Heated scenes outside reproductive health clinics are a familiar sight in many parts of the United States, with patients fighting their way through a crowd of protesters to access services including not just abortions but also prenatal care, pregnancy testing and routine health screening. In some cases, escorts make themselves available to help patients navigate a gauntlet that can include people who scream obscenities, wave graphic signage and entreat people not to enter the building. Consequently, many states have some form of a “buffer zone” law, requiring people to keep their distance from a clinic unless they’re entering the clinic or passing through the zone to get somewhere else.
All that could change, though, if anti-abortion advocates have their way in a recent Supreme Court case. The case involves the buffer law in Massachusetts, which requires people to keep a 35-foot zone around clinic entrances and exits clear. Like laws in other states, the Massachusetts law is intended to protect the health and safety of patients, and it also protects care providers, who might otherwise be harassed by protestors while trying to get to work.
Yet, the plaintiff in the case claims the buffer zone restricts her First Amendment rights; and she’s an ideal (and carefully chosen) plaintiff for a test case to push the barriers when it comes to buffer zones, because she’s a self-described “plump grandma,” a cheerful-looking, warm, friendly woman who looks as though she should be handing you a plate of oatmeal chocolate chip cookies, not a picture of a dead fetus.
Historically, the Supreme Court has favored buffer zones, agreeing that while free speech is an issue, the First Amendment rights of people outside the zone are not impeded — they can still communicate and interact with people, while the zone provides much-needed space so people can conduct their daily business. Moreover, buffer zones have also been defended in the case of polling places (no electioneering may take place within the buffer zone, for obvious reasons), funerals and a variety of other settings.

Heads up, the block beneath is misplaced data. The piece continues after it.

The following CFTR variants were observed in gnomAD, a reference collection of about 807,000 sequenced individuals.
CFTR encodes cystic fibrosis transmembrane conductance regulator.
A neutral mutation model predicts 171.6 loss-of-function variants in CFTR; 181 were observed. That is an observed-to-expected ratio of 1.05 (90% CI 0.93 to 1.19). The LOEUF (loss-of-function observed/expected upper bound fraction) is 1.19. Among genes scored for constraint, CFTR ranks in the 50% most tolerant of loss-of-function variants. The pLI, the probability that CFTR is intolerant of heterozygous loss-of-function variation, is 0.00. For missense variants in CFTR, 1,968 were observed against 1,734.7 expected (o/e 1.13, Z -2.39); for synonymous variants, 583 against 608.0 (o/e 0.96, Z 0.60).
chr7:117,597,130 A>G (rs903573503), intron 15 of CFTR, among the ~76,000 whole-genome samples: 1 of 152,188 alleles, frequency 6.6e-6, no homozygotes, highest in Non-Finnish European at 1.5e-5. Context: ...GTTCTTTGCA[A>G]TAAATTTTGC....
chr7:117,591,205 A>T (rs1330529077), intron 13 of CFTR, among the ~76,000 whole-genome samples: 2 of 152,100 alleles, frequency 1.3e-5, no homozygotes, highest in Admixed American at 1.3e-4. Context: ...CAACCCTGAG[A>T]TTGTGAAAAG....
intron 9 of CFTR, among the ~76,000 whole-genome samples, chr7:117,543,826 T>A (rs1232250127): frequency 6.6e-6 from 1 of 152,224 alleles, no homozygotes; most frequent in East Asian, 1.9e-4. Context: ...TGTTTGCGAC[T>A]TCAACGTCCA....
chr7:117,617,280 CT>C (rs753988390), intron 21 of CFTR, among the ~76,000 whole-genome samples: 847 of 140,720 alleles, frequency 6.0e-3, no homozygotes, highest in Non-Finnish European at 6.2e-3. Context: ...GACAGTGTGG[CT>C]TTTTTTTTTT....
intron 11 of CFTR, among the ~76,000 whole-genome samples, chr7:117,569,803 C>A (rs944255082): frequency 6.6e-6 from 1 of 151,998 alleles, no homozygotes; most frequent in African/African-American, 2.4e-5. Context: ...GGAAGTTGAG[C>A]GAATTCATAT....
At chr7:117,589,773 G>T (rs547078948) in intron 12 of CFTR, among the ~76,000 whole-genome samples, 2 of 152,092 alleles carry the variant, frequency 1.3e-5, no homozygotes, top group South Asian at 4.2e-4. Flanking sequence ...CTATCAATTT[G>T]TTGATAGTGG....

Yet, this Supreme Court is markedly more conservative. In 2011, it defended the right of anti-gay protestors to picket the funerals of dead soldiers, and some Supreme Court watchers suspect the Massachusetts buffer zone law may be struck down in whole or in part. This could be a disaster for reproductive health clinics in that state, but also in others, because once one such law falls, others are easier to attack. This could mean that even as the country’s views on abortion access and reproductive rights become more polarized, patients will have fewer protections on their way to seeking medical care.
Ironically, the Supreme Court itself has the largest buffer zone in the United States, banning protests and demonstrations on the plaza that lies in front of its formidable edifice. We won’t know the outcome of this case until the summer, but if the Supreme Court rules against the rights of women to peacefully and privately seek medical care as it has against the families of US soldiers who want to grieve in peace, it raises the question: what entitles the Supreme Court to the luxury treatment when it comes to buffer zones?
Photo credit: Bruno Sanchez-Andrade Nuņo.
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